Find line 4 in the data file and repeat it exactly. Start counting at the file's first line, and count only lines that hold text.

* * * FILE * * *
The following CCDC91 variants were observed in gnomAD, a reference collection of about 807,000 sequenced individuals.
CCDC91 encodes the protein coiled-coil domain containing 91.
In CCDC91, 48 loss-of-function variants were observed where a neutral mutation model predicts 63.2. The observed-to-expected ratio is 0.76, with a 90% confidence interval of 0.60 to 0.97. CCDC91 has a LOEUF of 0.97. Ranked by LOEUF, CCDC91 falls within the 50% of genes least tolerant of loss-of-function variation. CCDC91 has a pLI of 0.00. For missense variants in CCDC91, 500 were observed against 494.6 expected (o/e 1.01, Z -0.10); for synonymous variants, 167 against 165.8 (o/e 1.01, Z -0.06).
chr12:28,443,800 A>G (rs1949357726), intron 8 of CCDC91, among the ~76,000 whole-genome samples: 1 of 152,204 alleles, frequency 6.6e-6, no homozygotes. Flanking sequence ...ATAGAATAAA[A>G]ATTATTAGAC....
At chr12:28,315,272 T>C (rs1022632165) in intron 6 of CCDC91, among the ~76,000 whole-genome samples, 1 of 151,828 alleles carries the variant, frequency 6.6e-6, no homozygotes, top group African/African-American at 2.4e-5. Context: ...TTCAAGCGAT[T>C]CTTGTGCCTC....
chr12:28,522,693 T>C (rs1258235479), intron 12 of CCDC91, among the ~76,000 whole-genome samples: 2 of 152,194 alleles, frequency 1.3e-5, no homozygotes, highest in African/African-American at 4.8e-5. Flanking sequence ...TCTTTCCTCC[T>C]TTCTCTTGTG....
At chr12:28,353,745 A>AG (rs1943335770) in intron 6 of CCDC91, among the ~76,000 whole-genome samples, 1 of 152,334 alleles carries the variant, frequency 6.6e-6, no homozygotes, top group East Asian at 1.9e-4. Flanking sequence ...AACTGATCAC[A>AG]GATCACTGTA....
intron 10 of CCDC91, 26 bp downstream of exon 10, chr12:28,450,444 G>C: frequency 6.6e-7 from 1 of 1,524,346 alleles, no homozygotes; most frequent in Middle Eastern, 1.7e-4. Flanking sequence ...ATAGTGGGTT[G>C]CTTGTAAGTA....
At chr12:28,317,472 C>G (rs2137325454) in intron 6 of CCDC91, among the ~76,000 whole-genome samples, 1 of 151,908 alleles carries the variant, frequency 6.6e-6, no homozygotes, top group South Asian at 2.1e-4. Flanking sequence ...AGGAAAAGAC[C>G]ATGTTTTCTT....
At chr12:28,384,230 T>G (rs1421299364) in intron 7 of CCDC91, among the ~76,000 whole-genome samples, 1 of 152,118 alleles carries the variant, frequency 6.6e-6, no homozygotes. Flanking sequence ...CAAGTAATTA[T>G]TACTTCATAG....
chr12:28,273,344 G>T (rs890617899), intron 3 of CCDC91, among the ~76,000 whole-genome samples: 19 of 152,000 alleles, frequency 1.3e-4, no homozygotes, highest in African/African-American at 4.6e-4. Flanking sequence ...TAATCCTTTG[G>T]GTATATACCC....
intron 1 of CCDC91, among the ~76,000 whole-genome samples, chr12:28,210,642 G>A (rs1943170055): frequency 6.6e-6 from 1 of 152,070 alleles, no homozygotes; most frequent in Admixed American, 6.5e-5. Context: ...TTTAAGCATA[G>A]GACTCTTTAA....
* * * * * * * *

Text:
chr12:28,443,800 A>G (rs1949357726), intron 8 of CCDC91, among the ~76,000 whole-genome samples: 1 of 152,204 alleles, frequency 6.6e-6, no homozygotes. Flanking sequence ...ATAGAATAAA[A>G]ATTATTAGAC....